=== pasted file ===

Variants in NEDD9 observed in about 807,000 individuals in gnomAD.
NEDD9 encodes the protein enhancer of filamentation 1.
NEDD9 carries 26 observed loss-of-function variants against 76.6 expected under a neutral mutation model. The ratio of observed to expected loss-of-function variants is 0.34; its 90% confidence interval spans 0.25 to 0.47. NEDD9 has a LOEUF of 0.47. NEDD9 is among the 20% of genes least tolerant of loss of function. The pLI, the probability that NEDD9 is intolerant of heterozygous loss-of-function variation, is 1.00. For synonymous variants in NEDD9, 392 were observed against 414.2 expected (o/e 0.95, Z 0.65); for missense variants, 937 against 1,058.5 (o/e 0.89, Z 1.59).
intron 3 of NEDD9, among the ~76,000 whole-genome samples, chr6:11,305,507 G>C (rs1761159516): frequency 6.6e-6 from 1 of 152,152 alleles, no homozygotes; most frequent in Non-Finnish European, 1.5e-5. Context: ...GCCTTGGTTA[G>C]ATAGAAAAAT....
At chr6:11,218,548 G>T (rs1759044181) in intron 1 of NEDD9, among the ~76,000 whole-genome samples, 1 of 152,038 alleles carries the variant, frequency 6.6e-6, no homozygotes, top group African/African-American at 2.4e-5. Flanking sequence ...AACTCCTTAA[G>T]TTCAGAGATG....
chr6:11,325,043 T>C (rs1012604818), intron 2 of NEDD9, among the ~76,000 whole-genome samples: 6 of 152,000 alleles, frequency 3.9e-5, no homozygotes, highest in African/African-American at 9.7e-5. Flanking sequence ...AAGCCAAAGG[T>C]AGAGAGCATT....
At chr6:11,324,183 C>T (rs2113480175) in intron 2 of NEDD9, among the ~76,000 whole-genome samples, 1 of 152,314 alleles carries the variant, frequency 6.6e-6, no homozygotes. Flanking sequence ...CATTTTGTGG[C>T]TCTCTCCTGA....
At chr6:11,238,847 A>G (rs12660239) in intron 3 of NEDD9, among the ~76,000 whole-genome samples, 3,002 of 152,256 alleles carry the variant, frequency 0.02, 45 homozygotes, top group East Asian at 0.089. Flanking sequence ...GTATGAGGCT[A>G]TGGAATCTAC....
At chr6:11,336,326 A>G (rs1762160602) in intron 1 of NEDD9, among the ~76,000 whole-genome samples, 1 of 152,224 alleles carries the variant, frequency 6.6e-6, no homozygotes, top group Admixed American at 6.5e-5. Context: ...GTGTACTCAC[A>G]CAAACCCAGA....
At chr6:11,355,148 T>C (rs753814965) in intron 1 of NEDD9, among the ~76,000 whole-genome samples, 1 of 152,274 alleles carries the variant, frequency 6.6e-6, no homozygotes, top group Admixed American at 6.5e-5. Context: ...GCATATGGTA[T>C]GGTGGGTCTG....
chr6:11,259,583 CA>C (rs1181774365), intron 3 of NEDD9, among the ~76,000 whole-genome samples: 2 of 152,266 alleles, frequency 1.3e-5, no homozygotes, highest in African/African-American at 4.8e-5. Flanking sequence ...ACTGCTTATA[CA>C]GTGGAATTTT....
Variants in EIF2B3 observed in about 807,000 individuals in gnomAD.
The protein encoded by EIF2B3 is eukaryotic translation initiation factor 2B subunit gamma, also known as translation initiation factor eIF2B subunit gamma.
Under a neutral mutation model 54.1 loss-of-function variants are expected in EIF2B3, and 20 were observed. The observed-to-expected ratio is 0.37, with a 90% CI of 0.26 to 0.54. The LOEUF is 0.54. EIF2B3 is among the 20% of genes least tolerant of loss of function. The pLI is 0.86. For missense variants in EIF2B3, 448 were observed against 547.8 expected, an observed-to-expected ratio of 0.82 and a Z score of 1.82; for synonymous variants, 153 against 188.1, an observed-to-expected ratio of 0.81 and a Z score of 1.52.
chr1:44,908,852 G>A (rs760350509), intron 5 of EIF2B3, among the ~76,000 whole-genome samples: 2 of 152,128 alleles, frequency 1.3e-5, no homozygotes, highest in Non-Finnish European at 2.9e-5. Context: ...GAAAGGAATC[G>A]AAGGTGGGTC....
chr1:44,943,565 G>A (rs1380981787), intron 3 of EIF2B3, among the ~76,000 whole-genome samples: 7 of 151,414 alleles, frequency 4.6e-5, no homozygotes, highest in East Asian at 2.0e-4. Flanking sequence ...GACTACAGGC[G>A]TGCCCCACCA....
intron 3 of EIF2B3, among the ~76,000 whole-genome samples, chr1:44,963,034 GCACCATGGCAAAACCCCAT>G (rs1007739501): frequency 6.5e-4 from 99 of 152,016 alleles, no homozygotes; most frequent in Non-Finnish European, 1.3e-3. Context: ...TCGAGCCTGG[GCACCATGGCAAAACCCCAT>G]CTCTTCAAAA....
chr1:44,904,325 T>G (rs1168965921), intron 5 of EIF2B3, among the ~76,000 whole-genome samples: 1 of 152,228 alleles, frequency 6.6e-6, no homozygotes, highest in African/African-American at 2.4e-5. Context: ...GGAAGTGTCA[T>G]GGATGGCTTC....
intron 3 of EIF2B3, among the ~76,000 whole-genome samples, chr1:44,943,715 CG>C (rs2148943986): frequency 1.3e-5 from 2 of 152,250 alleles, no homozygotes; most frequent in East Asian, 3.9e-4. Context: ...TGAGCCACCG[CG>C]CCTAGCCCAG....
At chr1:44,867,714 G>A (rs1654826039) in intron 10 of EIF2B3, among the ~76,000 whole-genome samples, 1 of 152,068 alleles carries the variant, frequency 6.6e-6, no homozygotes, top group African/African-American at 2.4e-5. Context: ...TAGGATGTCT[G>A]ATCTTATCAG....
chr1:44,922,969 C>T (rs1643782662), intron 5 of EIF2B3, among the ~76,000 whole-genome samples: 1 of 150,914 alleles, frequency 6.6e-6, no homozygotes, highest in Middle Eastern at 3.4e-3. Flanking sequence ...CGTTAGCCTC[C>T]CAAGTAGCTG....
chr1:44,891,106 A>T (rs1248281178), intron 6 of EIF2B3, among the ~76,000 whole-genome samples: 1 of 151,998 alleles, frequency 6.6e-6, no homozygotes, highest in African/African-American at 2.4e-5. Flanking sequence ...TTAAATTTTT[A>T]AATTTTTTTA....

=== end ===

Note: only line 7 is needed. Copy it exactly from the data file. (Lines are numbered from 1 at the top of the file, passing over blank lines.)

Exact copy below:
At chr6:11,324,183 C>T (rs2113480175) in intron 2 of NEDD9, among the ~76,000 whole-genome samples, 1 of 152,314 alleles carries the variant, frequency 6.6e-6, no homozygotes. Flanking sequence ...CATTTTGTGG[C>T]TCTCTCCTGA....